Does Windows 11 really need TPM? Perhaps not...

Windows 11 dark Start menu

While there was undoubted excitement at the announcement of Windows 11's impending launch, there was also a great deal of confusion about system requirements. Concern built up around not only Microsoft setting the bar fairly high in terms of CPU generations, making many processors that are far from old essentially obsolete, but also TPM requirements.

Communication about Windows 11's reliance on Trusted Platform Module (TPM) has been poor. Is it TPM 1.2 that's needed, or TPM 2.0? It depends on who you listen to, and which documentations you read -- even official Microsoft documentation. But it turns out that TPM may not be required at all... only in certain circumstances though.

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The buzz around TPM has resulted in endless online search as people try to find out what a Trusted Platform Module actually is, and also a global shortage and price hikes as demand skyrocketed.

But it is the confusion that is what's most apparent. Having initially suggested that TPM 1.2 was what Windows 11 needed, Microsoft then revised this so that TPM 2.0 was the minimum requirement. TPM 2.0 is what you will now see listed in Microsoft's Windows 11 requirements documentation.

This has upset many people who have discovered that many computers that were bought relatively recently do not meet this requirement. But this is not necessarily going to be a stumbling block. As noted by Tom's Hardware, Microsoft sets out a different possible scenarios in a PDF entitled "Minimum Hardware Requirements for Windows 11".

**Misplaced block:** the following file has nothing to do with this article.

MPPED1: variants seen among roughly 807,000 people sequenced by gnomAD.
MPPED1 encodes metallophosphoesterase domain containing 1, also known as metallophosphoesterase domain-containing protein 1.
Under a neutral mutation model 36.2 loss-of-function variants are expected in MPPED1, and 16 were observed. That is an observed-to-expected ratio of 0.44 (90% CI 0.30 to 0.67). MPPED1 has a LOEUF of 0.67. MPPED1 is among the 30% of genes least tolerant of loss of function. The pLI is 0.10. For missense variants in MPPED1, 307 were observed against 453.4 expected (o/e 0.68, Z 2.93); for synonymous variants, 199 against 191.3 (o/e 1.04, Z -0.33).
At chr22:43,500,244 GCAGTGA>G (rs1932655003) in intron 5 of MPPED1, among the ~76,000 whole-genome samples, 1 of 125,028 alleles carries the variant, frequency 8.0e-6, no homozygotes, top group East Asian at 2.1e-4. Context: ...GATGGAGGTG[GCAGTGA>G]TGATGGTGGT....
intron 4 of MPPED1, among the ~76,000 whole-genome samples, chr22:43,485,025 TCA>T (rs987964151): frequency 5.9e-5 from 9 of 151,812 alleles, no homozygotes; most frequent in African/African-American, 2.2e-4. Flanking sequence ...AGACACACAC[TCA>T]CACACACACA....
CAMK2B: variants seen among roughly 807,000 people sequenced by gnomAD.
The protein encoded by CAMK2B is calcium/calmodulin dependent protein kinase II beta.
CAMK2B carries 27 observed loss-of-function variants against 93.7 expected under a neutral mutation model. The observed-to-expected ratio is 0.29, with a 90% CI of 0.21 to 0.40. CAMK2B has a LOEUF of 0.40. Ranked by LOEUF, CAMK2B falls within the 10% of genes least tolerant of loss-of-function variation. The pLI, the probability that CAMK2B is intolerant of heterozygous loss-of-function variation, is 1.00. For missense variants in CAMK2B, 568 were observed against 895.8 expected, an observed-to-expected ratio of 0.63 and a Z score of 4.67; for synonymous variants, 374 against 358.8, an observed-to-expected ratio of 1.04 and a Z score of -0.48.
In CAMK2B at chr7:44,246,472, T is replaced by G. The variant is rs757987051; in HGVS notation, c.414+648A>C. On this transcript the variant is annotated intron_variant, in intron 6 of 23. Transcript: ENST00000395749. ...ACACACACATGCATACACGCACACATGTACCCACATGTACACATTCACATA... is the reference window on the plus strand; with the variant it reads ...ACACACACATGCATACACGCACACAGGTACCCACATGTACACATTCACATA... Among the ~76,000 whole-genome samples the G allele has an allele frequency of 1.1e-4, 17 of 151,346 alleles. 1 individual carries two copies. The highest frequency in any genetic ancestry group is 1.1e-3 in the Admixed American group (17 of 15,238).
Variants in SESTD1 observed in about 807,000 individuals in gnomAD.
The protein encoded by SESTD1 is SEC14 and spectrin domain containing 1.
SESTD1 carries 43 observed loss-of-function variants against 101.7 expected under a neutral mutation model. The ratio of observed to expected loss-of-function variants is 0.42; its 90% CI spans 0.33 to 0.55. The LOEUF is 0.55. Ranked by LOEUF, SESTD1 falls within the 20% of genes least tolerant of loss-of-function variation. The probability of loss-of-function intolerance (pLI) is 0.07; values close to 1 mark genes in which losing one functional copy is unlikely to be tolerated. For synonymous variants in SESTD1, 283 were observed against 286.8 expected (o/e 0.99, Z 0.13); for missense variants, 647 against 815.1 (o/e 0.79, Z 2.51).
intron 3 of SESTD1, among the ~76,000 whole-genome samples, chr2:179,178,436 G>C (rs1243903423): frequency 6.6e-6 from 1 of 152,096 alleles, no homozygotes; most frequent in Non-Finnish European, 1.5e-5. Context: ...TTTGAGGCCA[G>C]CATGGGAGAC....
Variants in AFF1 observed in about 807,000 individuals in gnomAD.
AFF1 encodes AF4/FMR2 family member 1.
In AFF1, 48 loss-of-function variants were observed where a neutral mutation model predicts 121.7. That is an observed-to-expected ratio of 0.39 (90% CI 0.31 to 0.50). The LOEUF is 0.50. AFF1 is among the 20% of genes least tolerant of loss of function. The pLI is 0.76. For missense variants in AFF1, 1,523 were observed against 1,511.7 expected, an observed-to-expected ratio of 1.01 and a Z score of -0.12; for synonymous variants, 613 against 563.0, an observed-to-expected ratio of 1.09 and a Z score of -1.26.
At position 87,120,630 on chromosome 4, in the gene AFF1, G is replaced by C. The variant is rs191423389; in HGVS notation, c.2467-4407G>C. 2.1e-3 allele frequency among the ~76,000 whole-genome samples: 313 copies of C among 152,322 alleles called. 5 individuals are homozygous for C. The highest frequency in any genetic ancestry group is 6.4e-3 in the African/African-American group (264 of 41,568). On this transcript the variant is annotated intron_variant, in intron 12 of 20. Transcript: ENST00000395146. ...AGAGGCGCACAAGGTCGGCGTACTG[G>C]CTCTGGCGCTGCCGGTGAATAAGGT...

Head to section 3.6.1 of this document and you'll read the following:

All device models, lines or series must implement and be in compliance with the International Standard ISO/IEC 11889:2015 or the Trusted Computing Group TPM 2.0 Library and a component which implements the TPM 2.0 must be present and enabled by default.

The following requirements must be met:

• All TPM configurations must comply with local laws and regulations.

• Firmware-based components that implement TPM capabilities must implement version 2.0 of the TPM specification.

• An EK certificate must either be pre-provisioned to the TPM by the hardware vendor or be capable of being retrieved by the device during the first boot experience.

• It must ship with SHA-256 PCR banks and implement PCRs 0 through 23 for SHA-256. Note that it is acceptable to ship TPMs with a single switchable PCR bank that can be utilized for SHA-256 measurements.

• It must support TPM2_HMAC command.

So far, nothing unusual. But the document then goes on to say:

A UEFI firmware option to turn off the TPM is not required. Upon approval from Microsoft, OEM systems for special purpose commercial systems, custom order, and customer systems with a custom image are not required to ship with a TPM support enabled.

In short, this means that it will be possible to install Windows 11 on systems that do not meet the normal minimum requirement specs, and lack TPM 2.0. The question is how this will be made possible -- and, indeed, why?

While the document says such installations will require "approval from Microsoft", it is hard to imagine that whatever method is involved in enabling Windows 11 to be installed on systems without TPM 2.0 will not leak. Whether there is a registry hack, a hidden setting, or some sort of patch, this will almost certainly be leaked or hacked. And this may -- just may -- force Microsoft to rethink it's minimum requirements.

After all, if TPM 2.0 is not needed in all circumstances, is it really needed in any?

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